Four veteran superstars, two of country music’s hottest groups, a couple of up-and-comers, and two debut singles make up my top ten singles list this year. Rather than tell you why it’s a damn shame that radio was unwelcoming toward Alan Jackson and George Strait’s respective singles and how they’ll probably cool toward Kasey Musgraves soon and likely won’t give Ashley Monroe a shot either, I’ll just say that six of my ten favorites were big hits. That’s something. And I’ll tell you why I like these songs.

10. Jana Kramer – “Why You Wanna”

One Tree Hill star Jana Kramer made the actress-to-country-singer leap flawlessly with her promising debut on this fiddle-laced plea. (Take note, future wannabes.)  “Out of all of the places in this little town/Yeah, you had to come walking in here and sit down” she mews and wins over millions of country fans, myself included.

kenny chesney - el cerrito place9. Kenny Chesney – “El Cerrito Place”

Kenny Chesney hits a sweet spot with medium-tempo ballads like this one, and he’s gotten a lot better at selecting them recently. (See: “Better As A Memory”, “You Save Me”, “You and Tequila”.) This Keith Gattis tune is more evidence of Chesney’s superior skills for selection and delivery.

8. Easton Corbin – “Lovin’ You Is Fun”

This guy has the vocal chops and the strutting neotraditional sound to keep this kind of country alive for a new generation of fans. I really like the rapid fire verses meeting the toe-tapping chorus here.

carrie underwood - two black cadillacs7. Carrie Underwood – “Two Black Cadillacs”

Underwood’s finest single to date is “Does He Love You” meets “Delia’s Gone” set to an appropriately ominous contemporary sound.

6. Ashley Monroe – “Like a Rose”

As one-third of the Pistol Annies, Ashley Monroe and company gave us one of the best albums of 2011. This year, she attempts solo country stardom once more on a sweet song with smart lyrics. The hook is not original, but its memorable nonetheless. And it sticks in my ear just right.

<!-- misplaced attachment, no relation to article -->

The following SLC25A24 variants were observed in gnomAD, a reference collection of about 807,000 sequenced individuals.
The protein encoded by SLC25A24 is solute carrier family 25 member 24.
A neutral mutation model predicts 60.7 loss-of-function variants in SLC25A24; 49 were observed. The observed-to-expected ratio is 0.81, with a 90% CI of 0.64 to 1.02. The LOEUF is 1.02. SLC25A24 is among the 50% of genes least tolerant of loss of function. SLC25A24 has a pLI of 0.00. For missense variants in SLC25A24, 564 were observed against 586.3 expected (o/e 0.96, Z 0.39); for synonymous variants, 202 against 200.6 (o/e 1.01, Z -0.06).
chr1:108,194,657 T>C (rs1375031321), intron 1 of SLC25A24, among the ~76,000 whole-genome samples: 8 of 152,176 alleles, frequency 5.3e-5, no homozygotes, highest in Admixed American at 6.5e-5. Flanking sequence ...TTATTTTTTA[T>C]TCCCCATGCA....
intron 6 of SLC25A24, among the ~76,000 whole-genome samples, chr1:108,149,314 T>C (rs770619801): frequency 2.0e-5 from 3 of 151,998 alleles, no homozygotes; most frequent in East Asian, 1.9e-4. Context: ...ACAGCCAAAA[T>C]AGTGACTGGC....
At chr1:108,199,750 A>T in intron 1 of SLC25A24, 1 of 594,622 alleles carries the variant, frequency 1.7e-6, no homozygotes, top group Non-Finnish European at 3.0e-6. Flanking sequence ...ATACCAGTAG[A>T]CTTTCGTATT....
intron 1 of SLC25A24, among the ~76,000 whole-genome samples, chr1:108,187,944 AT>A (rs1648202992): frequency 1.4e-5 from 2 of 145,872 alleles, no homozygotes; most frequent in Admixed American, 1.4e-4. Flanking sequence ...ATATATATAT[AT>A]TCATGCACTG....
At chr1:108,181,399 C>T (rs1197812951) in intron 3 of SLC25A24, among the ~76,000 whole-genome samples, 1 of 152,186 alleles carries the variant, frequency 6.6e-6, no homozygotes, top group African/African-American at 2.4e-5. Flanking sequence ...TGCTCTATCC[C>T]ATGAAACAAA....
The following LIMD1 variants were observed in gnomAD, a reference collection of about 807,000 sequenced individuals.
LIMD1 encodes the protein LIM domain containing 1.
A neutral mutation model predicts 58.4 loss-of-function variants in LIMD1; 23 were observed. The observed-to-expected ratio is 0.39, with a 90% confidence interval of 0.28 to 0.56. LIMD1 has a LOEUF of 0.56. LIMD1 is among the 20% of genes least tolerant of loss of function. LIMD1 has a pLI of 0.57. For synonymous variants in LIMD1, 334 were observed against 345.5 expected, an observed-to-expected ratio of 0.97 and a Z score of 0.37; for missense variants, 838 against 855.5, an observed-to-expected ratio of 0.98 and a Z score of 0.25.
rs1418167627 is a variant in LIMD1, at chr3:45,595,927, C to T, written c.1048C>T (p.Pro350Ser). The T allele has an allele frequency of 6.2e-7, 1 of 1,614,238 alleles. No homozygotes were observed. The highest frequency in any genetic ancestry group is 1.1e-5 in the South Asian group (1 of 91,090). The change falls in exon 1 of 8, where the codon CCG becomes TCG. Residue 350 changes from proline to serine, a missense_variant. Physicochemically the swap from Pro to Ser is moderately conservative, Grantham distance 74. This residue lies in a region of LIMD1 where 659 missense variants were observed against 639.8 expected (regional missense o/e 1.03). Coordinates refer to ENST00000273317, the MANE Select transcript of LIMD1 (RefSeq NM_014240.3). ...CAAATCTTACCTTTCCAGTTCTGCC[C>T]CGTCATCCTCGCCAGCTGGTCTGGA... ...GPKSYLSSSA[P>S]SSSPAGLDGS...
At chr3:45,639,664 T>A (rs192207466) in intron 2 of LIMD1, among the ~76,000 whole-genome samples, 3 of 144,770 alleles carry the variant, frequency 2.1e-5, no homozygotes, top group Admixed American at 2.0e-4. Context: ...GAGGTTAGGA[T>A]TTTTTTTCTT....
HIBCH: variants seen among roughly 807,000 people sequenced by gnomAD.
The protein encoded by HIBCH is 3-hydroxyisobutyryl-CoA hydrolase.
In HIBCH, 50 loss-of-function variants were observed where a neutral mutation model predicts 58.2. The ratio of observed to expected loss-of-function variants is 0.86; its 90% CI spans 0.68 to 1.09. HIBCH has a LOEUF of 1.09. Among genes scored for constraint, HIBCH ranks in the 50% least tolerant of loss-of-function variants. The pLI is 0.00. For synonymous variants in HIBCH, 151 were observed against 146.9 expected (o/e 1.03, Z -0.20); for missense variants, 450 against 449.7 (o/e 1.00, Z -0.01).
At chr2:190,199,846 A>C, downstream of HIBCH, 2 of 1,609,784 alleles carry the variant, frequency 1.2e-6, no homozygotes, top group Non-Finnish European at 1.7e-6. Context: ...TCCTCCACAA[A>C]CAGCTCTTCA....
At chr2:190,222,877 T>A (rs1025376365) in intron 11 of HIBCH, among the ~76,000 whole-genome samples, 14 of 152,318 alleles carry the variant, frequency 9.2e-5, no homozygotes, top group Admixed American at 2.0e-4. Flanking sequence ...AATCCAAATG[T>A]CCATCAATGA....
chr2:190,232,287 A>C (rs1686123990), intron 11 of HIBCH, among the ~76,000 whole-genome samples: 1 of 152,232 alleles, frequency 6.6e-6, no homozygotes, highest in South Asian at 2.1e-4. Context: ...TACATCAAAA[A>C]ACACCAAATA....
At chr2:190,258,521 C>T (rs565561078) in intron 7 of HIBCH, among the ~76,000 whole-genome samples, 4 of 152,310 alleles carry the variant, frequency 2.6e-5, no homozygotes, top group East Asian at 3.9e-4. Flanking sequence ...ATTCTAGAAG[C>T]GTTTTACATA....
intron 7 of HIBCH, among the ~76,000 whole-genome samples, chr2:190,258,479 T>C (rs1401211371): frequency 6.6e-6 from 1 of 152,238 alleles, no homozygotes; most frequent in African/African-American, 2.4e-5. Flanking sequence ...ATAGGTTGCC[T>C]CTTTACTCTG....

zac brown band - uncaged5. Zac Brown Band – “Goodbye In Her Eyes”

Their breezy harmonies and snappy songs have made the Zac Brown Band a perennial favorite for me since their debut. And they didn’t disappoint this year with this slow-burning number.

4. George Strait – “Drinkin’ Man”

Thirty years into his recording career, Strait set a new high-water mark for himself with his Here for a Good Time album. This stunning narrative from a man battling his alcohol demons is one of his best singles ever.

band perry - better dig two3. The Band Perry – “Better Dig Two”

This song comes from two of my favorite current writers – Shane McAnally and Brandy Clark – with Trevor Rosen, but fits well with Kimberly Perry’s own clever musings on mortality and love. Continued kudos to the band for sticking with this organic sound following their big breakthrough.

2. Alan Jackson – “So You Don’t Have To Love Me Anymore”

Jackson’s first single from his excellent Thirty Miles West album is stone country at its melancholy finest. It’s similar to those early gut punches in Jackson’s catalog like “Here In The Real World” and “Wanted”. Here, he’s taking all the blame for the end of this love affair and even says he won’t pick up if she ever drunk dials him one night. That’s downright decent.

kasey musgraves - merry go round1. Kacey Musgraves – “Merry Go Round”

The Texas singer and former Nashville Star contestant’s debut is a vivid and sometimes startling yarn about small town life and features a light touch of production well-suited to the lyrics and one of the neatest rhyme schemes I can remember.

Listen to a playlist of my favorites on Spotify.

Jonathan Pappalardo’s Top Albums of 2012

Adventurism. Turning convention on its head. Those are just two of the themes threading each of the albums on my list. I’ve noticed my tastes venturing further and further from the mainstream, as radio playlists are marginalized and top 40 acts are less and less interesting. To get an even fuller picture of my picks, check out the albums I ranked 19-11 here.

gretchenpeters10. Gretchen Peters – Hello Cruel World

Thinking people’s music from a lyrical master. It’s easy to overlook the beauty of Hello Cruel World and cast it off as slow, depressing, and moody. But to do that is to completely miss the point of an emotional woman bearing her soul for all who will listen.

9. Various Artists – Kin: Songs by Rodney Crowell and Mary Karr

A patchwork quilt infusing distinct individual moments with simple yet evocative lyrics brought to life by a stellar cast, Kin is a concept project done right. But the marriage of the poet and song master is its greatest achievement, two people from different fields of work, aiming at the same goal – affecting emotion. Look no further than “My Father’s Advice” or even “Mama’s On A Roll” to know they’ve succeeded in spades.

living for a song8. Jamey Johnson and Friends – Livin’ For A Song – A Tribute to Hank Cochran